For this case we can consider them non parametric in the sense that can approximate any function to an arbitrary level of precision and complexity).
Why is this useful?.When choosing whether to go with statistical methods or with ML, you should ask yourself:Is the stochastic process underlying my time series data complex enough that it warrants some type of universal approximator to model it?Do I have enough data points and a high enough signal to noise ratio in my time series so that I can fit a complex non-parametric model?Do the compute resources available allow for ML based methods, since fitting simple parametric models requires less computation?.(This is especially relevant if you plan on automating your process and running it in a production environment)Sequential Methods vs.
Pure Auto-Regressive methods:A second interesting classification was provided by Bergmeir, Hyndman and Koo.
In their paper, they divide time series methods into sequential methods and pure auto-regressive methods:Sequential models like exponential smoothing models: Here the relation between the predicted value Y*(t) and the past values Y(t-1), Y(t-2) etc…is recursive, and with each new time step, the model “consumes” an additional lagged value.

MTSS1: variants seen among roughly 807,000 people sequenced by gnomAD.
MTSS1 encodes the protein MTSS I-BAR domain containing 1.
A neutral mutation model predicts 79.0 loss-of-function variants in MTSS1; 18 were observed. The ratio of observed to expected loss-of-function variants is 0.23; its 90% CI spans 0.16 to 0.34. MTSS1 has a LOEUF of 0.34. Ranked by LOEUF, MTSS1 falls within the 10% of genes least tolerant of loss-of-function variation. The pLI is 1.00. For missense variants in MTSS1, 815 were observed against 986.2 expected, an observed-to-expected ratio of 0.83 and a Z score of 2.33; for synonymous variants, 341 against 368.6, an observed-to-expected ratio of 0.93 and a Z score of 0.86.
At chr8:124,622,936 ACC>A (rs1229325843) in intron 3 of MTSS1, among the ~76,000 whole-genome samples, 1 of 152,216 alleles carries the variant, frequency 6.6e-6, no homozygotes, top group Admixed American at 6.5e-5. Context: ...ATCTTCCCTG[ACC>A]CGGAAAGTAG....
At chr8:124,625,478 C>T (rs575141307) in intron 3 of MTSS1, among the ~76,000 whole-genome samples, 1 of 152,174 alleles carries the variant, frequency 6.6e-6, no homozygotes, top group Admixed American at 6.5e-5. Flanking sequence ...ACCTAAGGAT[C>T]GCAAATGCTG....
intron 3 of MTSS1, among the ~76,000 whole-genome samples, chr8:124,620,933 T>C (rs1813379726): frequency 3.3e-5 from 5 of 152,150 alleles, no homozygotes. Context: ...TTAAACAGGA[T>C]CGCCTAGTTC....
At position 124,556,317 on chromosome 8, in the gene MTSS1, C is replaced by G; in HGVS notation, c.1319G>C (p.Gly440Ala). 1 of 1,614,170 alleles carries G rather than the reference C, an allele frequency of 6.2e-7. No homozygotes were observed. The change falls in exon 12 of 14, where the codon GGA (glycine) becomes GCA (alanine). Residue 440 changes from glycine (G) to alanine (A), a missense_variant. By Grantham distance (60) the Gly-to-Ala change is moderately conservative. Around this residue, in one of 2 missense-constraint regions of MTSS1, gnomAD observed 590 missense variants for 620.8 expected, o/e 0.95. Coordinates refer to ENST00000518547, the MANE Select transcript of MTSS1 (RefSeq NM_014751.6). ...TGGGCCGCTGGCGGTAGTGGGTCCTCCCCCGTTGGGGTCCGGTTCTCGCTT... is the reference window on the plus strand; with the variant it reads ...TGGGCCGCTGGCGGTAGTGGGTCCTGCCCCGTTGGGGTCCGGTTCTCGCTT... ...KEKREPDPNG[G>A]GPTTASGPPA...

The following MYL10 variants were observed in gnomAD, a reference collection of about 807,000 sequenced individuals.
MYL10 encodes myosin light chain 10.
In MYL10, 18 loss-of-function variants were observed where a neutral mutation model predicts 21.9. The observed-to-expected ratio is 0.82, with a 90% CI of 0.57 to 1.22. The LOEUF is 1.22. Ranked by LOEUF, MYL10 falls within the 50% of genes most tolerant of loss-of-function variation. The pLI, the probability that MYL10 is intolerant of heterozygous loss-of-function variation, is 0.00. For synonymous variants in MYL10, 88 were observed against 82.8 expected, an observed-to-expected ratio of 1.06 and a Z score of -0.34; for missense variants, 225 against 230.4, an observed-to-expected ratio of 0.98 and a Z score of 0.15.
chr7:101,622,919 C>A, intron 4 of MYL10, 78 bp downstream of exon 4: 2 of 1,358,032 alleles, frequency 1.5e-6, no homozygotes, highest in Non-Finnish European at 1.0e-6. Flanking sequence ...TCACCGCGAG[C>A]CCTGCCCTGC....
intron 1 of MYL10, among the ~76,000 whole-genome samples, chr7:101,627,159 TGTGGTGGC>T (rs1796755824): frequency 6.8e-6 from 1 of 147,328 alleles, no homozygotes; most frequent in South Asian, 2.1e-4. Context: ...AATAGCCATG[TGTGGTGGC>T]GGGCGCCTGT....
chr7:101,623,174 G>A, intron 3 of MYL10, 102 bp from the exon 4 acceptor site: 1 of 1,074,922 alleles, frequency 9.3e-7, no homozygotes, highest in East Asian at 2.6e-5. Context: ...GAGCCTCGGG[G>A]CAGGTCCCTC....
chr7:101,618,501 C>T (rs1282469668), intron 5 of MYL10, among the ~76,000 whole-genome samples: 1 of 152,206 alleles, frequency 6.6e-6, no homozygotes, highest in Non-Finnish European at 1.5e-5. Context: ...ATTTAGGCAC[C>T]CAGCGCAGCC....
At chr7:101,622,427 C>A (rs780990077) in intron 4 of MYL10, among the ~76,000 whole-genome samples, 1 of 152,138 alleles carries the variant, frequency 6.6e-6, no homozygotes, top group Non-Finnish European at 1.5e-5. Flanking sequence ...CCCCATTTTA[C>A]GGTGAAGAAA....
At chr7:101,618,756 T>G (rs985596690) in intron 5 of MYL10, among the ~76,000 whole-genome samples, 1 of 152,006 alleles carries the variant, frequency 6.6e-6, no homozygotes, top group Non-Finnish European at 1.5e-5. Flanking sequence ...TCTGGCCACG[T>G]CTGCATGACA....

Ultimately the entire time series needs to be used if one wants a complete expression of the model in terms of the data.
One can see this for example with simple exponential smoothing: Y*(t) = αY(t-1) + (1-α)Y*(t-1).
If we want to expand this expression in terms of the available data, we have to unravel the expression: Y*(t) = αY(t-1) + (1-α)(αY(t-2) + (1-α)Y*(t-2)), etc…until we end up with a model of the form : Y*(t) = αY(t-1) + (1-α)(αY(t-2) + (1-α)²(αY(t-3)) + (1-α)³(αY(t-4))….
(Note that Y*(0) is an un-observable variable which is why these methods typically use maximum likelihood estimators).
You see here why the model is considered “sequential”: the only way to fit the parameters to the data is calculate everything in sequence to fit our model.
Exponential Smoothing models, ARIMA models with an MA component, most state space models, fit into the sequential category.
Typically you fit such models with Maximum Likelihood methods and/or Kalman filters.
“Pure” auto-regressive methods are any time series model where the forecast value Y*(t) is a function of a fixed number of n past lags of the time series variable Y(t): Y*(t) = f(Y(t-1),Y(t-2),…Y(t-n)).